SACRAMENTO, Calif. — The federal Deferred Action for Childhood Arrivals (DACA) program turned five Aug. 15. The policy lets immigrant youth under 30 who arrived stateside to apply for legal living and working status provided they have no criminal record and, crucially, to avoid deportation.

Since 2012, about 800,000 immigrant youth across the U.S. have entered the DACA program, and 27 percent (216,000) live and work in California, according to Rhonda Rios Kravitz, head of Alianza, a nonprofit group that advocates for DACA youth.

"There is heightened fear in the immigrant community now," she said, due to the uncertainty of the DACA program continuing under President Donald Trump. On the campaign trail, Trump vowed to end the program, but has softened that stance since taking office, despite escalating immigration enforcement.

"There are no negative consequences to the DACA program," said Yesenia, 27, an immigrant from Michoacán, Mexico, who declined to use her surname, is a current DACA recipient working full-time, and pursuing a master's degree in public policy at California State University, Sacramento (CSUS).

Yesenia is referring to the fees and taxes that the program's recipients pay. The fee for initial applicants and annual renewals of DACA is $495, and program recipients also pay local, state and federal taxes just like native citizens. With 800,000 immigrants paying $495 annually, the program brings in nearly $400 million each year.

Currently, a caravan of DACA youth is traveling throughout California to speak with elected officials and to spur favorable public opinion. Congresswoman Doris Matsui (D-Sacramento) backs the continuation of DACA, as does California Gov. Jerry Brown, a Democrat.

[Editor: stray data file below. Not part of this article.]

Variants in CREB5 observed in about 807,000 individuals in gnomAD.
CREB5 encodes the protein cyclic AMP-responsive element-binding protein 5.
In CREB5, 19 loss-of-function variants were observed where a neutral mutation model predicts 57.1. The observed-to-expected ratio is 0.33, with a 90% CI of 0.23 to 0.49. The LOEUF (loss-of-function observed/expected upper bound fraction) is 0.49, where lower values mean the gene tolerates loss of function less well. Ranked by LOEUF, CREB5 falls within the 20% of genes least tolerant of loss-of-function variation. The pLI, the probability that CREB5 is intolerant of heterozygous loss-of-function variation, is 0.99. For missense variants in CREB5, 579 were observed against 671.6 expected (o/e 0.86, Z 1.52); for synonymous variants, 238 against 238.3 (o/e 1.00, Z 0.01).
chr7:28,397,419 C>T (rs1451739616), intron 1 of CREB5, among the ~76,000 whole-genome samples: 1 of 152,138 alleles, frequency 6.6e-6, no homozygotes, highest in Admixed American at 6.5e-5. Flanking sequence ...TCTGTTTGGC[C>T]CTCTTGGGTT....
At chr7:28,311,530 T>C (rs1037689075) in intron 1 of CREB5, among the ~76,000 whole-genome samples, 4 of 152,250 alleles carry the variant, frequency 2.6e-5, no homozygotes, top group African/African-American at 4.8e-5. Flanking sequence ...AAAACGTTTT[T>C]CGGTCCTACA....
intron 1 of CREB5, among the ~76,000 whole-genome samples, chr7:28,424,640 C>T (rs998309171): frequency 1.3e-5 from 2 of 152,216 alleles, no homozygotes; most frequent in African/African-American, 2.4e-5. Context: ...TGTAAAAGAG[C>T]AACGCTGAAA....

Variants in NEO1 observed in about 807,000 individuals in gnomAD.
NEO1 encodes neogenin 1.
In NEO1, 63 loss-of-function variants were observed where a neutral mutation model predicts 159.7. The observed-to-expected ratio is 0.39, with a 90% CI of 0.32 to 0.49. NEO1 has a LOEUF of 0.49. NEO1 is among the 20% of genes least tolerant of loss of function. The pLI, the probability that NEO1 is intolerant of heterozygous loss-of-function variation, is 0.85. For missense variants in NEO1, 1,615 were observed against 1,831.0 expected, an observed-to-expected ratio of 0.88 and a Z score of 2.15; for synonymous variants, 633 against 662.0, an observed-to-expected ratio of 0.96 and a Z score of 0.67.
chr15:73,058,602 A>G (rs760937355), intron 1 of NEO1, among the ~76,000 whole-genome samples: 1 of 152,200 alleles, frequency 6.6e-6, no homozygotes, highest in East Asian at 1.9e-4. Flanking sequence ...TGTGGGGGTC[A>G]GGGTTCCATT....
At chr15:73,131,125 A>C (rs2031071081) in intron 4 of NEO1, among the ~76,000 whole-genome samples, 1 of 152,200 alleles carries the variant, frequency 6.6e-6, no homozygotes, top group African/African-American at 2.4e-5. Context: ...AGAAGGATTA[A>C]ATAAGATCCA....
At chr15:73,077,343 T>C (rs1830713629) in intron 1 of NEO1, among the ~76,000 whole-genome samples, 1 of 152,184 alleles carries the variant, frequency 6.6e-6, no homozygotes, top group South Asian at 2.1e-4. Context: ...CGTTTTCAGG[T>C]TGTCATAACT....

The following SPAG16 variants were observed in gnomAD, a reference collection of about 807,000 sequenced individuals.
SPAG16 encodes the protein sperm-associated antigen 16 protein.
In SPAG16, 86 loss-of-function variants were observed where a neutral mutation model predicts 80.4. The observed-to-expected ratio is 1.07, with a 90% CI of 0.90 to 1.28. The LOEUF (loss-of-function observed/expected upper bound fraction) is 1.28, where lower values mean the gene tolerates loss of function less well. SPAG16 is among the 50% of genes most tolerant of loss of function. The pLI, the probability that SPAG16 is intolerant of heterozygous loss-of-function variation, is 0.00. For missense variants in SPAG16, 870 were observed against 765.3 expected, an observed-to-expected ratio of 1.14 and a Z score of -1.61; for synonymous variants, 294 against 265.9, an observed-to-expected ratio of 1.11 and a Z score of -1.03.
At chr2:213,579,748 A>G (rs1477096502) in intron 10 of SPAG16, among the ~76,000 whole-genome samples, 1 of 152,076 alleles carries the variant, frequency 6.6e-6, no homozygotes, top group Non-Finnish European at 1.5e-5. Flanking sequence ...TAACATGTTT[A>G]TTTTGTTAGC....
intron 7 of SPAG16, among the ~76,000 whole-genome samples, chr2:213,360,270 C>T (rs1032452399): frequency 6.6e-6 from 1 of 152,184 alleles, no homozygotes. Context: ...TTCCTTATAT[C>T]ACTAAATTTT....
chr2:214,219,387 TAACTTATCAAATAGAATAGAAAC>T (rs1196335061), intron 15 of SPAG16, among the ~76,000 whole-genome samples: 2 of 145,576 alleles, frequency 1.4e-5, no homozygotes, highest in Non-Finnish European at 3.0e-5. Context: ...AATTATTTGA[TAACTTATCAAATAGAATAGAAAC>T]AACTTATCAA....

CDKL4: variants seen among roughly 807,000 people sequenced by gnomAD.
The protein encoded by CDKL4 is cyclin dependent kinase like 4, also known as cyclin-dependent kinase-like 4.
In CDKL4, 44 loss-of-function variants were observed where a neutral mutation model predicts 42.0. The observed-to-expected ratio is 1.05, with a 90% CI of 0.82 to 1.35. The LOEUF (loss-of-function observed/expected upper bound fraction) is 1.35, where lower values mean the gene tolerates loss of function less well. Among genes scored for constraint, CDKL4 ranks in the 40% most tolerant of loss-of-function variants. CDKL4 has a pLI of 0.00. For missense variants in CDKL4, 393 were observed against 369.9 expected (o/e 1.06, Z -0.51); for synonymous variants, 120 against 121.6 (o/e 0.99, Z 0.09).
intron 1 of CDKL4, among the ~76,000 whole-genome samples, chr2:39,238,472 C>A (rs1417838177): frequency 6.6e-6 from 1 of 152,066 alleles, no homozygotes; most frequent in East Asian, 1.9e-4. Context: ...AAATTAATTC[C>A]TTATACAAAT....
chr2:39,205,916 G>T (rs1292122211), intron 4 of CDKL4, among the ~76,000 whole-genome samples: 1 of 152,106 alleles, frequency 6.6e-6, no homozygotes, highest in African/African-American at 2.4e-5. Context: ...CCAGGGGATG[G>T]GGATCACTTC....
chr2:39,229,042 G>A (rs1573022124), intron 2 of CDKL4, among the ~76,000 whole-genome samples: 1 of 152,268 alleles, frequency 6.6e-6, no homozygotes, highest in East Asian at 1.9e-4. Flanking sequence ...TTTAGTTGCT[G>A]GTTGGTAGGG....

"We support our DACA students forever," said Robert S. Nelsen, CSUS president, at an Aug. 15 news conference at the school.

Crucially, DACA does not provide a path to U.S. citizenship. That is why comprehensive immigration reform is such an urgent matter, Rios Kravitz said.

State attorneys general in Arkansas, Alabama, Kansas, Nebraska, South Carolina, Tennessee and West Virginia have sent letters of intention to sue to Trump if he does not rescind DACA, according to Rios Kravitz.

The California Chamber of Commerce declined a request to comment.

"Last weekend's events in Charlottesville, Virginia, are deeply related to threats to DACA," said Jennifer Eagan, president of the California Faculty Association, a labor union of professors, librarians and coaches. "We are not going to let the president and his red state confederates repeal DACA. That is unacceptable."

"DACA pushes our campuses to do policy-wise what is vital and ethical," said Margarita Ines Berta-Ávila, a professor in the College of Education at CSUS.

Other speakers at the Aug. 15 news conference drew parallels between the Civil Rights Movement of the 1950s and 1960s, which fought and defeated legal discrimination against black Americans, to defending the DACA program for immigrant youth today.